DENVER — A bus of about 50 migrants arrived in Denver from El Paso, Texas, Friday who are temporarily staying at a short-term shelter run by local nonprofit organizations with help from the city.
The migrants arrived Friday morning at the faith-based facility in west Denver. The group of migrants entered the U.S. through the border at El Paso over the past week or two and had been staying at the Annunciation House, a volunteer organization that helps migrants, immigrants and refugees in El Paso, according to Jennifer Piper, the program director with the American Friends Service Committee. Annunciation House contracted the bus, Piper said.
Some of the migrants — from places including Colombia, Ecuador, Cuba and Nicaragua — are asylum seekers fleeing violence and poverty, Piper said.
All of the people aboard the bus Friday were families, and more than half of the people were under the age of 18, Piper said.
U.S. Customs and Border Protection had released the group to Annunciation House after they were processed by border patrol, according to Piper. She said that the Title 42 policy, which prevents migrants from entering the U.S. and applying for asylum, led the group to cross the border outside a port of entry and be picked up by border patrol agents.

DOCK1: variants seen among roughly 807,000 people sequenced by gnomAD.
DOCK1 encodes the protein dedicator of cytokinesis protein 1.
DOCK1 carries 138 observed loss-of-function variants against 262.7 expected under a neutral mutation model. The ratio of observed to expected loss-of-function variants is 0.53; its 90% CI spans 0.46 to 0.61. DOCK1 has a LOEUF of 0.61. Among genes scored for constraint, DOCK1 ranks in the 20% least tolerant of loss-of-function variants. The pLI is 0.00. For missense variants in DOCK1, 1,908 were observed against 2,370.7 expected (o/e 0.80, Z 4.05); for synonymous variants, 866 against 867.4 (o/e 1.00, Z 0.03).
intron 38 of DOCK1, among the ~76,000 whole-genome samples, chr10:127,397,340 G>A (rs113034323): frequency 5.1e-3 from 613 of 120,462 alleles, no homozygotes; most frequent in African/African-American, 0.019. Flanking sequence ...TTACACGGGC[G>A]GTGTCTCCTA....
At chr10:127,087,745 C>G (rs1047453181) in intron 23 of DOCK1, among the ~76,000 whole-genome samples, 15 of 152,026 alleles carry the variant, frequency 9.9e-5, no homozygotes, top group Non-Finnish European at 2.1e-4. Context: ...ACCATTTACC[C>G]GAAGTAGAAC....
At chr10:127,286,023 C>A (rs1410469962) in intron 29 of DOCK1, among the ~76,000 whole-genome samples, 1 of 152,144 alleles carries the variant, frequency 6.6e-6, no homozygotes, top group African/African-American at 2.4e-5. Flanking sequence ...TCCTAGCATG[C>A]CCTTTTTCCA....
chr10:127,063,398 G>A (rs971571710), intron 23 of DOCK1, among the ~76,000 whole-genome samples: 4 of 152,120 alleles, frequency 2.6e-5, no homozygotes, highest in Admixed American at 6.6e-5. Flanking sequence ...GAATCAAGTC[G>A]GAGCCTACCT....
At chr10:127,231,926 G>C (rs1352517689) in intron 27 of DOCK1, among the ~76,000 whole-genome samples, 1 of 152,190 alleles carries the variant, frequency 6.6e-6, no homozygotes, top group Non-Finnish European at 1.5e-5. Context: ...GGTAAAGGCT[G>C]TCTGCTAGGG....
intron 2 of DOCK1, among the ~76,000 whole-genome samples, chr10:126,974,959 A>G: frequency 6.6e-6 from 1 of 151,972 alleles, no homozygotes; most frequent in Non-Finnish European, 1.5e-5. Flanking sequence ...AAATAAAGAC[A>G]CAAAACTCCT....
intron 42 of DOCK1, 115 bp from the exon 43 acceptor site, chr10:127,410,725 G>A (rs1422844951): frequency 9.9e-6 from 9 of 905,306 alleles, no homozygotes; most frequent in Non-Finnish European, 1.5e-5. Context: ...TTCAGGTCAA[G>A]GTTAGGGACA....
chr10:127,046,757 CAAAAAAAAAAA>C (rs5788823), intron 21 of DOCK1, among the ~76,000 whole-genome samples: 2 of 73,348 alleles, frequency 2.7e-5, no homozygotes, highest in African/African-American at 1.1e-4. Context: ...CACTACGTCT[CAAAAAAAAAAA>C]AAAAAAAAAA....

Friday marks the first time since 2019 that a group of nonprofits that help immigrant communities has taken in a bus full of migrants. The organizations received three that year. The three organizations helping with Friday’s group include Casa De Paz, the Colorado Hosting Asylum Network, and Denver Community Church.
Piper said this group was not a part of the effort by governors from Texas and Florida to “ship the migrants somewhere else.”
“This is a voluntary situation. So, we as nonprofits agreed to host folks from another nonprofit. This has nothing to do with governors or politics, or arguing over what our immigration policy should be,” Piper said in an interview. “This is about sharing in welcoming people who are already let into the United States.”
Some of the migrants who arrived on Friday are only expected to be at the facility for a couple of days, or even less, before uniting with family in other places in the U.S., Piper said. Six families plan to settle in Colorado because they have no other family in the country, Piper said.
The City and County of Denver has been preparing for migrants for weeks, as Denverite previously reported. It has been working with nonprofits and other governments.
The Denver Office of Emergency Management delivered 100 cots, 200 blankets, 200 hygiene kits, two cell phones and six computers to the local nonprofits to set up the 72-hour shelter for the migrants. Today’s group was the first to arrive.
A spokesperson for the Office of Emergency management says it is also providing resources for immigration legal help, housing, and food and medical access.
“We couldn’t say no. We know that we can do it. We’ve done it before in 2019 with really great success and no problems,” Piper said of Friday’s move. “So, it’s important because we’re a transportation hub because we’re close to the border. And because we’re a state that appreciates and values the contributions of immigrants. I would say as a state, providing that welcome — whether it’s Ukrainians, Afghans, or folks from Nicaragua — the welcome should look the same.”